I am getting reports from the field that after several of months with no payments coupled with the prospect of regulations that require a loan to be placed in the non-performing category that banks and credit card issuers are much more receptive to going back to the old rules. After all, they do not have the inclination or the desire to run any business other than a bank.

Do you remember what your parents taught you about bullies? The only way to counter a bully is to hit the bully right back. Like Pavlov’s dog, banks that jack rates and cut limits while continuing to be paid to do so, will continue to jack rates, cut limits, and attempt to access personal property until they are met with a resounding NO. In times like these, small businesses need to draw a line in the sand, and position themselves at strategic points that leverage their strengths.
Big banks started a war on small business in America. As mentioned previously there are only three choices when the rules are changed in the middle of the game. Lose, quit, or break some rules too. If a couple of million small businesses realize this and act according, I suspect that the Old Rules will be re-established. Banks need small business just as much as small business needs banks. The American dream cannot be attained without both. When the banking industry along with our government get their heads out of the sand and realize this, the unemployment rate and the default rates may just reverse the death spiral that started when the New Rules were enacted.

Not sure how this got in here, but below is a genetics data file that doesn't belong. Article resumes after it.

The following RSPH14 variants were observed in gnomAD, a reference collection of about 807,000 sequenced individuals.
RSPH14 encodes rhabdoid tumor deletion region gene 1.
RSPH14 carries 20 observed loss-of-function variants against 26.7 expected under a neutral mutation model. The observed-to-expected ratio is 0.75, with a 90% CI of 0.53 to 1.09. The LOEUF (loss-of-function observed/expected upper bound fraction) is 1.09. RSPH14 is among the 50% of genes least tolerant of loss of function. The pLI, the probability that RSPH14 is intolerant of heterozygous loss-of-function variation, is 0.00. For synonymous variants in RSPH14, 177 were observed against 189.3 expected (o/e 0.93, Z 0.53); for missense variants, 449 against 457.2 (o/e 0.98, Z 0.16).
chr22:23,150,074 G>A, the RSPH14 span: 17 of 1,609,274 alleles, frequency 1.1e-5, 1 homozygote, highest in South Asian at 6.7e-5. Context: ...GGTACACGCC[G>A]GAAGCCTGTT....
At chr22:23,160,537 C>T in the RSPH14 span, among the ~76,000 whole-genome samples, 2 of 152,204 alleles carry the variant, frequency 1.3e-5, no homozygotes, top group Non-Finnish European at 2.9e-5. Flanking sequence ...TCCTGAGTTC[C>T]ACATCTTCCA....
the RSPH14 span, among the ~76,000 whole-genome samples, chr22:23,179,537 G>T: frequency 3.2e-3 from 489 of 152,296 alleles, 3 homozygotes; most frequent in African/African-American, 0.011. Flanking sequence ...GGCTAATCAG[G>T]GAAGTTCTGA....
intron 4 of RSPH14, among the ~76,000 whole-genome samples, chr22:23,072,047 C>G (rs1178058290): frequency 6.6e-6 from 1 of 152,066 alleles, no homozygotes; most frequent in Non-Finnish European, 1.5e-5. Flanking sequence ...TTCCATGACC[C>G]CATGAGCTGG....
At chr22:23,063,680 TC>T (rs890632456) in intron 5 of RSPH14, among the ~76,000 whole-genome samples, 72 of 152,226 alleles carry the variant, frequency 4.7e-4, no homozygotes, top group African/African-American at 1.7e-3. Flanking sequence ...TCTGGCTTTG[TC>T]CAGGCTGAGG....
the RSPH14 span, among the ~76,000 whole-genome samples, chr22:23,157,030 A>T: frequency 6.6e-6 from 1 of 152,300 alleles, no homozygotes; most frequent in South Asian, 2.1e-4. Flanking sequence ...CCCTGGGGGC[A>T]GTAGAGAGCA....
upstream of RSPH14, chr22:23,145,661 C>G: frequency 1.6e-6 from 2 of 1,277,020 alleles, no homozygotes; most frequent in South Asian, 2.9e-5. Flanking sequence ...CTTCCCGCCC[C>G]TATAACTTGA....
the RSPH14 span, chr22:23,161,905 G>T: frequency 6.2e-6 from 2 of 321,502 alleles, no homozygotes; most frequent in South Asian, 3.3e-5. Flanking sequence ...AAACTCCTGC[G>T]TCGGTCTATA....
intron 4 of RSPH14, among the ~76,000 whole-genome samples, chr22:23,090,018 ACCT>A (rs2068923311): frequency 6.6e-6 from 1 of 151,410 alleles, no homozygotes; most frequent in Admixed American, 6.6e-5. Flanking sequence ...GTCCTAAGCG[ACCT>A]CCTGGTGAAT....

DEEM Wiesel

DEEM Wiesel (to the tune of Dream Weaver)
J. Wallace

I’ve just closed my eyes again

Climbed aboard the DEEM Wiesel’s train
Nancy take away my worries of today
And leave tomorrow behind

(chorus)
Ooh DEEM Wiesel
I believe you are looking for a fight
Ooh DEEM Wiesel
I believe we can make you do what’s right

Make me high with your lies
Maybe on your free plane
Trick the people with fantasy
Give tomorrow, today’s pain

(chorus again)

Though the vote may be coming soon
There still may be some time
Fly me away, don’t make act like a loon
And meet me on the other side

Bi-Polar Governance

Bi-Polar Governance
Joe J. Wallace

Tonight, the City Council of Evansville will vote on whether or not to adopt an amendment to the existing smoking ordinance that has been proposed by Dr. H. Dan Adams. There are eight democrats and a single republican that make up the City Council. In spite of that there seems to be areas of disagreement nearly equally with respect to this resolution. I predict either a 5-4 or a 6-3 vote and at this point I don’t really have a feel for which way it will go.